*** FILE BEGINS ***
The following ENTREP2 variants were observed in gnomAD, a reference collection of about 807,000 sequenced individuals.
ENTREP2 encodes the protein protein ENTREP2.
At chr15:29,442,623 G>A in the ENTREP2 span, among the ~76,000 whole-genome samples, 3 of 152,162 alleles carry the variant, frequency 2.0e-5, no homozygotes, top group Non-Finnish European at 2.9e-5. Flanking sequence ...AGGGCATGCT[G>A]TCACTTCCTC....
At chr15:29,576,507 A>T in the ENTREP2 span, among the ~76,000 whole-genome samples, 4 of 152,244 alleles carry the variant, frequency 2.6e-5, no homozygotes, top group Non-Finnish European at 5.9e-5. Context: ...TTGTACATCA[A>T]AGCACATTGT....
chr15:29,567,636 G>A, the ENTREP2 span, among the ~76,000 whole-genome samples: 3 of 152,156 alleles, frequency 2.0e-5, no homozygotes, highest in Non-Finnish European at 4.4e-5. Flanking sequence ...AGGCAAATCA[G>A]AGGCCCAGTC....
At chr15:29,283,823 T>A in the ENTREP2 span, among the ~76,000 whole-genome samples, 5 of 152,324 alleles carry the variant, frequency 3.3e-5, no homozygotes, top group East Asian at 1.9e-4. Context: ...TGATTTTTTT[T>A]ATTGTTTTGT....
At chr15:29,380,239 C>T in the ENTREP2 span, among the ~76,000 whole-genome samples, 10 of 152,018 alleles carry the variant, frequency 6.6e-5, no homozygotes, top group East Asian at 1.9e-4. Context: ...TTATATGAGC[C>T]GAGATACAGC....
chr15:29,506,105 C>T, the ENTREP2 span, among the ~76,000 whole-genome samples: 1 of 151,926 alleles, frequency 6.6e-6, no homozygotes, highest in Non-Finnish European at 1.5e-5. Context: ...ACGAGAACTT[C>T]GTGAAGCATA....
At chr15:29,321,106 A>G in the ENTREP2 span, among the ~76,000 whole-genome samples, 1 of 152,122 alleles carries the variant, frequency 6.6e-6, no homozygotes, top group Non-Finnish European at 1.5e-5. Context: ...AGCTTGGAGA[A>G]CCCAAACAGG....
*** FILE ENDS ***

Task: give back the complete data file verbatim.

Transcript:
The following ENTREP2 variants were observed in gnomAD, a reference collection of about 807,000 sequenced individuals.
ENTREP2 encodes the protein protein ENTREP2.
At chr15:29,442,623 G>A in the ENTREP2 span, among the ~76,000 whole-genome samples, 3 of 152,162 alleles carry the variant, frequency 2.0e-5, no homozygotes, top group Non-Finnish European at 2.9e-5. Flanking sequence ...AGGGCATGCT[G>A]TCACTTCCTC....
At chr15:29,576,507 A>T in the ENTREP2 span, among the ~76,000 whole-genome samples, 4 of 152,244 alleles carry the variant, frequency 2.6e-5, no homozygotes, top group Non-Finnish European at 5.9e-5. Context: ...TTGTACATCA[A>T]AGCACATTGT....
chr15:29,567,636 G>A, the ENTREP2 span, among the ~76,000 whole-genome samples: 3 of 152,156 alleles, frequency 2.0e-5, no homozygotes, highest in Non-Finnish European at 4.4e-5. Flanking sequence ...AGGCAAATCA[G>A]AGGCCCAGTC....
At chr15:29,283,823 T>A in the ENTREP2 span, among the ~76,000 whole-genome samples, 5 of 152,324 alleles carry the variant, frequency 3.3e-5, no homozygotes, top group East Asian at 1.9e-4. Context: ...TGATTTTTTT[T>A]ATTGTTTTGT....
At chr15:29,380,239 C>T in the ENTREP2 span, among the ~76,000 whole-genome samples, 10 of 152,018 alleles carry the variant, frequency 6.6e-5, no homozygotes, top group East Asian at 1.9e-4. Context: ...TTATATGAGC[C>T]GAGATACAGC....
chr15:29,506,105 C>T, the ENTREP2 span, among the ~76,000 whole-genome samples: 1 of 151,926 alleles, frequency 6.6e-6, no homozygotes, highest in Non-Finnish European at 1.5e-5. Context: ...ACGAGAACTT[C>T]GTGAAGCATA....
At chr15:29,321,106 A>G in the ENTREP2 span, among the ~76,000 whole-genome samples, 1 of 152,122 alleles carries the variant, frequency 6.6e-6, no homozygotes, top group Non-Finnish European at 1.5e-5. Context: ...AGCTTGGAGA[A>G]CCCAAACAGG....